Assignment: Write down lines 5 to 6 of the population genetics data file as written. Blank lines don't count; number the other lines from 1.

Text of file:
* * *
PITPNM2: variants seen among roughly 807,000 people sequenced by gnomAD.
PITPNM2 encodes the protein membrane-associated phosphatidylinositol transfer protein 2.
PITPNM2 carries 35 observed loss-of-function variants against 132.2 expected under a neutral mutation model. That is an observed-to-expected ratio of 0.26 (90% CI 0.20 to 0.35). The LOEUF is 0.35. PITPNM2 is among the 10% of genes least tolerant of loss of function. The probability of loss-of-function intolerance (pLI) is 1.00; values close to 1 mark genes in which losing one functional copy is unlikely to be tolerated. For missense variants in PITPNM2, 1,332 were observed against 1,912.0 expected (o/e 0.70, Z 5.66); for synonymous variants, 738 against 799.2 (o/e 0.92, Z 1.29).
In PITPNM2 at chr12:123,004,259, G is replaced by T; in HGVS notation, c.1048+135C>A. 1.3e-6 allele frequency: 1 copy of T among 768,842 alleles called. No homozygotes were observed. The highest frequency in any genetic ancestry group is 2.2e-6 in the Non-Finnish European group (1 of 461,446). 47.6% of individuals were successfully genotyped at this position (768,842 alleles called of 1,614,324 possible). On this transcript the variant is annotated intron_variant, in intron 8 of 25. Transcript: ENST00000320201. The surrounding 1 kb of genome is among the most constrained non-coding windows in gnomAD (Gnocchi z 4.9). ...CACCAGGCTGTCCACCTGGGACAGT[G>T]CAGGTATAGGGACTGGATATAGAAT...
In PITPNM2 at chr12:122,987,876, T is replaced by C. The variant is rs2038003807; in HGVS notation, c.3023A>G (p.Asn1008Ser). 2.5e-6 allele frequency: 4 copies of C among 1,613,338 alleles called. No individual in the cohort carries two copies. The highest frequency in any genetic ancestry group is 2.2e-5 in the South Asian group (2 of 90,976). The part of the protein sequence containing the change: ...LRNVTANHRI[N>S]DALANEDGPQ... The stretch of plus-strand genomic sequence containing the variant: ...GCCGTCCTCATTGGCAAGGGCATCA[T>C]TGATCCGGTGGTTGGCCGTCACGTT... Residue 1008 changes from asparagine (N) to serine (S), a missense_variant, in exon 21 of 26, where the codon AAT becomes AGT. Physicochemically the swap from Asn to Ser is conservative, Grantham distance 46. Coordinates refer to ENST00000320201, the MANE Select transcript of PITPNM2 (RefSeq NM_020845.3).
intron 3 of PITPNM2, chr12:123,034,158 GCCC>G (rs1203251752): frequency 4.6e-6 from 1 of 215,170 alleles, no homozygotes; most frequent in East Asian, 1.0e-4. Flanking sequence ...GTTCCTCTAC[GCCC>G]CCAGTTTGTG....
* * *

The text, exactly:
In PITPNM2 at chr12:122,987,876, T is replaced by C. The variant is rs2038003807; in HGVS notation, c.3023A>G (p.Asn1008Ser). 2.5e-6 allele frequency: 4 copies of C among 1,613,338 alleles called. No individual in the cohort carries two copies. The highest frequency in any genetic ancestry group is 2.2e-5 in the South Asian group (2 of 90,976). The part of the protein sequence containing the change: ...LRNVTANHRI[N>S]DALANEDGPQ... The stretch of plus-strand genomic sequence containing the variant: ...GCCGTCCTCATTGGCAAGGGCATCA[T>C]TGATCCGGTGGTTGGCCGTCACGTT... Residue 1008 changes from asparagine (N) to serine (S), a missense_variant, in exon 21 of 26, where the codon AAT becomes AGT. Physicochemically the swap from Asn to Ser is conservative, Grantham distance 46. Coordinates refer to ENST00000320201, the MANE Select transcript of PITPNM2 (RefSeq NM_020845.3).
intron 3 of PITPNM2, chr12:123,034,158 GCCC>G (rs1203251752): frequency 4.6e-6 from 1 of 215,170 alleles, no homozygotes; most frequent in East Asian, 1.0e-4. Flanking sequence ...GTTCCTCTAC[GCCC>G]CCAGTTTGTG....